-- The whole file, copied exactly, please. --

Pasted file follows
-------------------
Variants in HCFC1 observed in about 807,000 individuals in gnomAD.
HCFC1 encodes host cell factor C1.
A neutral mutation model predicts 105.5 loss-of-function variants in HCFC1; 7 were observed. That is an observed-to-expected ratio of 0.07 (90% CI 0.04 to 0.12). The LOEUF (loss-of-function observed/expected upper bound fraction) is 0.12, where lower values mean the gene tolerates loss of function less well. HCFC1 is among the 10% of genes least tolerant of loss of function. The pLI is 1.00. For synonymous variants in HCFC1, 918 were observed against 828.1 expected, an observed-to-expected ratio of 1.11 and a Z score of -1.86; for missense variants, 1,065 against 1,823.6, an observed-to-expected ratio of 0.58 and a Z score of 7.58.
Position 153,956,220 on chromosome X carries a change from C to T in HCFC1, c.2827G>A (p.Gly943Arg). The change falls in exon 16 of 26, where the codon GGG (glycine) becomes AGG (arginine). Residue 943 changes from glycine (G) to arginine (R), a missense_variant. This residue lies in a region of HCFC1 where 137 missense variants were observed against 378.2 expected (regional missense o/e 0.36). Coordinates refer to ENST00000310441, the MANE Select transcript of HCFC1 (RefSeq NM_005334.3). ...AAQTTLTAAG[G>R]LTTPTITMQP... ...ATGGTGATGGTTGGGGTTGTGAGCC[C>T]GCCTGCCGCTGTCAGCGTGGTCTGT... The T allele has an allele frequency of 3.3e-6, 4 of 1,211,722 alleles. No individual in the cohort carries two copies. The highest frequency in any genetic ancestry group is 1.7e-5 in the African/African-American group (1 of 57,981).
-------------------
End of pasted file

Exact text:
Variants in HCFC1 observed in about 807,000 individuals in gnomAD.
HCFC1 encodes host cell factor C1.
A neutral mutation model predicts 105.5 loss-of-function variants in HCFC1; 7 were observed. That is an observed-to-expected ratio of 0.07 (90% CI 0.04 to 0.12). The LOEUF (loss-of-function observed/expected upper bound fraction) is 0.12, where lower values mean the gene tolerates loss of function less well. HCFC1 is among the 10% of genes least tolerant of loss of function. The pLI is 1.00. For synonymous variants in HCFC1, 918 were observed against 828.1 expected, an observed-to-expected ratio of 1.11 and a Z score of -1.86; for missense variants, 1,065 against 1,823.6, an observed-to-expected ratio of 0.58 and a Z score of 7.58.
Position 153,956,220 on chromosome X carries a change from C to T in HCFC1, c.2827G>A (p.Gly943Arg). The change falls in exon 16 of 26, where the codon GGG (glycine) becomes AGG (arginine). Residue 943 changes from glycine (G) to arginine (R), a missense_variant. This residue lies in a region of HCFC1 where 137 missense variants were observed against 378.2 expected (regional missense o/e 0.36). Coordinates refer to ENST00000310441, the MANE Select transcript of HCFC1 (RefSeq NM_005334.3). ...AAQTTLTAAG[G>R]LTTPTITMQP... ...ATGGTGATGGTTGGGGTTGTGAGCC[C>T]GCCTGCCGCTGTCAGCGTGGTCTGT... The T allele has an allele frequency of 3.3e-6, 4 of 1,211,722 alleles. No individual in the cohort carries two copies. The highest frequency in any genetic ancestry group is 1.7e-5 in the African/African-American group (1 of 57,981).